lazyhome         reviews         hype         webboard                interviews


Brimstone Howl

Brimstone Howl: Variety Show

story by tim mcmahan


Bookmark and Share

Lazy-i: Nov. 19, 2009

Brimstone Howl
w/ Lover! and Bass Drum of Death
Friday, Nov. 20, 9:30 p.m.
O'Leaver's Pub
1322 So. Saddle Creek Rd.

For local garage-punk band Brimstone Howl, sounding "different" has made all the difference.
Like a lot of other so-called "garage bands," Brimstone Howl's songs had a way of all sounding the same (to me, anyway). If you were catching one of their over-the-top live sets, you could safely step outside of the club, come back in 10 minutes and hear a song that sounded just like the one that was playing when you left. It wasn't so much about the music as the music's reckless vibe.
But all that is changing with the band's latest album, Big Deal. What's He Done Lately?, which comes out next Tuesday on Alive Records. The album combines elements of garage with '60s psychedelic and straight-up vintage rock balladry. It's as if the band was actually trying to mix things up. So were they?
"No, not really," said frontman John Ziegler while driving to see a movie with his wife. Ziegler said the band's perceived newfound "variety" is merely the result of the band playing together for a long time. The trio of Ziegler, guitarist Nick Waggoner and drummer Calvin Retzlaff, has been belting out hard, fast rock 'n' roll under various names since 2002, settling on their current moniker in '05.
"We were narrow-minded musically," Ziegler said, "but now music is changing even in the garage community. Everything is getting more poppy. But that's not the reason (for the change). We're just growing up; we're not teenagers anymore."



Ziegler acknowledged the criticism that a garage band's music can sound the same from song to song. "That's totally fair," he said. "I find myself saying that about a lot of bands. Some bands have one or two songs you like, and everything else blends together. But a band like (Memphis') The Oblivians -- they sound alike from song to song, but (the songs) all sound so great."
Although Big Deal… has "more interludes and things like that," Ziegler said he's kept to the traditional chorus/verse format with a bridge thrown in for good measure.
Still, there's no denying the nuances in styles on the album's core song cycle. It starts with the usual blown-out rock of "Everybody Else Is Having Fun," but then shifts to the stomping "Suicide Blues," with its blinding guitar solo that burns brightly through the middle of the track.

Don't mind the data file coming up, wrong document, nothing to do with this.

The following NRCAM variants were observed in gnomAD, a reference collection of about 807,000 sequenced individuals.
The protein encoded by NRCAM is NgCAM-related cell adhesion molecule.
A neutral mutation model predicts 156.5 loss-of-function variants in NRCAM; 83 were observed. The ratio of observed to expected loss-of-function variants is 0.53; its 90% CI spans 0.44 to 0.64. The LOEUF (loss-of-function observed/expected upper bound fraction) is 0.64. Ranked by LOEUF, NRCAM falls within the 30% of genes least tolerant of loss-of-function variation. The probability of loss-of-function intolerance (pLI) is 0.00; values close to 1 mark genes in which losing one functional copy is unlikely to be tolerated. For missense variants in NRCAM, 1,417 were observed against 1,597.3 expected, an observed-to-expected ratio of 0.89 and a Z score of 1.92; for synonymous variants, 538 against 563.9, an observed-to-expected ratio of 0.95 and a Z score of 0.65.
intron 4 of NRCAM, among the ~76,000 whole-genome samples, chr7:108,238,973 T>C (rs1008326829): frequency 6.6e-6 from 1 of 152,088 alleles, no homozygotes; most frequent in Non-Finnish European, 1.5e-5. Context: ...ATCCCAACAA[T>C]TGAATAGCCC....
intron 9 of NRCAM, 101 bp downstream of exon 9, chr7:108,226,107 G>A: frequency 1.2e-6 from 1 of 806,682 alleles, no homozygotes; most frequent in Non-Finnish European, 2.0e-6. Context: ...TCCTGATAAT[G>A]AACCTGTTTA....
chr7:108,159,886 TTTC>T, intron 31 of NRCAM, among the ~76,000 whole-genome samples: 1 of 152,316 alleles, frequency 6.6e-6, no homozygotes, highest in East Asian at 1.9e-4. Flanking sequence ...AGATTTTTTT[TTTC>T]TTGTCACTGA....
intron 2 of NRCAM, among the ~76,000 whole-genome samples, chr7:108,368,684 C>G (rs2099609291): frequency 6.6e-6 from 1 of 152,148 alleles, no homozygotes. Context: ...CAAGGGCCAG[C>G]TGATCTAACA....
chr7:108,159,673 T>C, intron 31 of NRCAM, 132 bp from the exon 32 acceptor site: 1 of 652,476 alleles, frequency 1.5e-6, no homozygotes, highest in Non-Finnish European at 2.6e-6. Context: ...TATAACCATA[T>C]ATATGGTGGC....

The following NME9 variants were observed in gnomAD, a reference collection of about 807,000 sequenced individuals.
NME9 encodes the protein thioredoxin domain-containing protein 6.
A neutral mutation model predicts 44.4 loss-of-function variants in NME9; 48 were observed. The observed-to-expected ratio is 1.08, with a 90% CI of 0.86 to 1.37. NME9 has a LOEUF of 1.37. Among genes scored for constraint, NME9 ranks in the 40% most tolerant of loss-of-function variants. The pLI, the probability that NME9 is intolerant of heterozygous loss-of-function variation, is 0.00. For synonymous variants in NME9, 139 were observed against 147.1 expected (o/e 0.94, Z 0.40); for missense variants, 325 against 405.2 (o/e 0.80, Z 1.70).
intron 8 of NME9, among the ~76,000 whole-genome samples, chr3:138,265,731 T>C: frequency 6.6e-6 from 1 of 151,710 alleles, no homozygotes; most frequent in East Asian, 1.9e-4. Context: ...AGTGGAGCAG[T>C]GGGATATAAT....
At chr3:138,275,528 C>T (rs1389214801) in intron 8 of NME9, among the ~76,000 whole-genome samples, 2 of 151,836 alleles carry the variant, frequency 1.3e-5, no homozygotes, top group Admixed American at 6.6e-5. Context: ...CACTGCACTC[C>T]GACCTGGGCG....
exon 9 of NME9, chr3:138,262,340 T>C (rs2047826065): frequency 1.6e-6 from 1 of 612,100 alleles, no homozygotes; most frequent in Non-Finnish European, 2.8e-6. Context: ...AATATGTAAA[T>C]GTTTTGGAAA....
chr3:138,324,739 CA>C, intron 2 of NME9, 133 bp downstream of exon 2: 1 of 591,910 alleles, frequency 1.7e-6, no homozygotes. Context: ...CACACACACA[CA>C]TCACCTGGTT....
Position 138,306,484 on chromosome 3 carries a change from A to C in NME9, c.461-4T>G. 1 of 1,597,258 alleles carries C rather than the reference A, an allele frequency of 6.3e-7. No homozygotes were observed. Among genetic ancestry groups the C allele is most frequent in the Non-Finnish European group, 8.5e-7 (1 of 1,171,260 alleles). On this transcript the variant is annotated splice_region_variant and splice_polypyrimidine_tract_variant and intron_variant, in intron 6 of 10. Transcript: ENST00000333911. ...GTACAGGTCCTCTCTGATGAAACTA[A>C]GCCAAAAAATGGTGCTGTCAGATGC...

Ziegler points to album producer Mike McHugh, who has worked with such acts as Black Lips, Jon Spencer and The Strange Boys. "He would take a guitar track and run it back out to a smaller guitar amp and mic it, making it sound like two guitars playing at the same time," Ziegler said. "When the solo would come up, he'd slide the slider all the way up. It was a pretty crude method."
That's followed by "I'll Find You," a track with an almost post-punk sheen, thanks to the chiming second guitar part. "Nicky had this pretty, kind of twinkling chording that was in a different key," Ziegler said. "We never thought it was something we'd ever do."
The album shifts gears again with the laid-back "Final Dispatch," which sports a sunny, almost Nuggets-esque guitar line beneath a more traditional ballad. "We were going for a Real Kids sound," Ziegler said, referencing the '70s-era Boston punk band whose albums were released on Red Star Records. "They were great, sort of unknown pop songwriters."
Than it's back to the band's trademark blown-out garage rock on "Elation," which Ziegler said is actually a rerecording of early Brimstone song "Kiss Me Happy." "I liked it so much, but didn't like the (first) recording," he said.
When it all comes together on stage, you're not likely to step outside for anything. Unfortunately, Brimstone Howl's hardcore touring days may be behind them. "The funnest part for me is writing songs for the band and putting them out," he said, adding that while they touring, it's becoming more difficult to pull off. "I'm married and have a little kid right now, so I have to hold down a job and a house. I work for Douglas County as a police dispatcher, and getting vacation is tougher because of seniority."
Certainly the band's label, Alive Records, would like to see them tour more often. After the label released their last two records -- the Dan Auerbach-produced Guts of Steel and Jim Diamond-produced We Came in Peace -- Ziegler said Brimstone decided to shop Big Deal to other labels.
"We sent it around to Sub Pop and Matador and did some big dreaming," he said. "And then Patrick (Boissel at Alive) heard it and called Nicky and said they still wanted to put it out. It was like being an athlete and having the coach still believe in you after having a shitty game. If I could, I would sign a four-record contract with Alive. I feel privileged to be on the label."
Ziegler said the record would have to be "a big fluke" and sell 50,000 copies to make any money for the band and the label, but that's not what it's all about. "We're not trying to write top-40 hits," he said. "Huge financial success is not on the horizon, but sometimes you see bands on Conan or David Letterman who are appearing for the first time and are 35, 40 years old. I'm only 26. I'm willing to wait it out.
"I can't speak for the rest of the band, but I feel like I'm a pretty satisfied person. I love my home and my family. If I had to pick a job to do for free, it'd be music."

Back to  huge.gif (2200 bytes)

Published in The Omaha Reader Nov. 19, 2009 Copyright © 2009 Tim McMahan. All rights reserved.
















Brimstone Howl album

"It was like being an athlete and having the coach still believe in you after having a shitty game. "